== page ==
In the north lie Loughs Melvin, close above Donegal Bay, and Gill near Sligo, Lough Gara, draining to the Shannon, and Lough Conn near Ballina (county Mayo), and in the south, the great expanses of Loughs Mask and Corrib, joined by a subterranean channel.
Every variety of form is seen, from steep flat-topped table-mountains as near Loughs Neagh and Erne, to peaks such as those of the Twelve Pins or Bens of Connemara.
On the west the rivers are generally short and torrential, excepting the Erne, which drains the two beautiful loughs of that name in county Fermanagh, and the Shannon, the chief river of Ireland, which, rising in a mountain spring in county Cavan, follows a bow-shaped course to the south and south-west, and draws off the major part of the waters of the plain by tributaries from the east.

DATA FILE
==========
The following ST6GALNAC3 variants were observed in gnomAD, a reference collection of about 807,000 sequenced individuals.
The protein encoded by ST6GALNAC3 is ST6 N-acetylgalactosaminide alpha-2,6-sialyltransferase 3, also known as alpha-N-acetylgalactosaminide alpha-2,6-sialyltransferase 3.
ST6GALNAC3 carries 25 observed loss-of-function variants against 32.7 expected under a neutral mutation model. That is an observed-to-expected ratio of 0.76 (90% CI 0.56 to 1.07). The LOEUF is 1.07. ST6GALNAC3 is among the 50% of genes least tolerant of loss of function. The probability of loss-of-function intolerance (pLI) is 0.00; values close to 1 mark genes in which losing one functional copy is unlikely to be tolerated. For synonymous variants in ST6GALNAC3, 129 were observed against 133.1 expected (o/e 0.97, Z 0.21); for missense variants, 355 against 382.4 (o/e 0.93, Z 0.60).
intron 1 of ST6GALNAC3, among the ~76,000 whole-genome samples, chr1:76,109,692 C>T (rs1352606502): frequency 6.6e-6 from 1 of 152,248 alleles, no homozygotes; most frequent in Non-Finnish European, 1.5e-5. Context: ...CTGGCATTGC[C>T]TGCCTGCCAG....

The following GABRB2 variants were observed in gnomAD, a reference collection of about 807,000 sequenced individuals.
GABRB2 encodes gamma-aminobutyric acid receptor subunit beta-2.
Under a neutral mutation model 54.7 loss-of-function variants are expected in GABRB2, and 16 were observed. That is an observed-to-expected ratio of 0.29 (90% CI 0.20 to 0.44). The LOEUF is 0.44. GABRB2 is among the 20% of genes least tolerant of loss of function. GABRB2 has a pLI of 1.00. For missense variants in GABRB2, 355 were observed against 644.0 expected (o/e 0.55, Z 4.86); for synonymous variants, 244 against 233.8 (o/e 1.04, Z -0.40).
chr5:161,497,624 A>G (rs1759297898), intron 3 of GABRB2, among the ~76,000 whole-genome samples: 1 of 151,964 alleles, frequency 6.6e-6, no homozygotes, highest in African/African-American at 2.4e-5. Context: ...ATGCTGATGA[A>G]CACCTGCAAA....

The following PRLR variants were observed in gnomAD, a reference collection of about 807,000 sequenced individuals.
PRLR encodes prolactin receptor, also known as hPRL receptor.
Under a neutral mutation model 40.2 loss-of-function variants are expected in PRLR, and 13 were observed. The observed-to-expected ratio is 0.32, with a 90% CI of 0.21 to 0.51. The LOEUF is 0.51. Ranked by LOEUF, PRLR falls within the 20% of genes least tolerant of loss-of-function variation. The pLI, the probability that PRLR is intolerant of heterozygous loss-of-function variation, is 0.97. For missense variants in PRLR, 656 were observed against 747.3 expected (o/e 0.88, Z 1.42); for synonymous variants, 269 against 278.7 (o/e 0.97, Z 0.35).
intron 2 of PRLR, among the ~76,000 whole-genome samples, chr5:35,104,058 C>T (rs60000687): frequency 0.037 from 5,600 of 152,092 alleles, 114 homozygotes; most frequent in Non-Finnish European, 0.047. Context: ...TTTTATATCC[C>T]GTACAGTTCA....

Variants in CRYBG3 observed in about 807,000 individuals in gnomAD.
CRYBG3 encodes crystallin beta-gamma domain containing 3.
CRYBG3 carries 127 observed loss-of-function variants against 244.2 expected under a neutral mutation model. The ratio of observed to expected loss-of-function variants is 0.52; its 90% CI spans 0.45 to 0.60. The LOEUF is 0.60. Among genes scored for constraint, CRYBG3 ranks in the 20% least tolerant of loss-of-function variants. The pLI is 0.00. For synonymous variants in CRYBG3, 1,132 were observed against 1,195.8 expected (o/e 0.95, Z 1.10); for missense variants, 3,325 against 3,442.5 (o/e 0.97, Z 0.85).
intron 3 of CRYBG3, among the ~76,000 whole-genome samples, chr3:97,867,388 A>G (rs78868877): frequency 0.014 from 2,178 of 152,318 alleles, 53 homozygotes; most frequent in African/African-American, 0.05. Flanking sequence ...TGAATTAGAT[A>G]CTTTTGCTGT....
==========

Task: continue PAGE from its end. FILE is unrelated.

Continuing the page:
The lakes (called loughs - pronounced lochs) of Ireland are innumerable, and (apart from their formation) are almost all contained in two great regions.
Abounds in loughs - dark, peat-stained pools with low shores.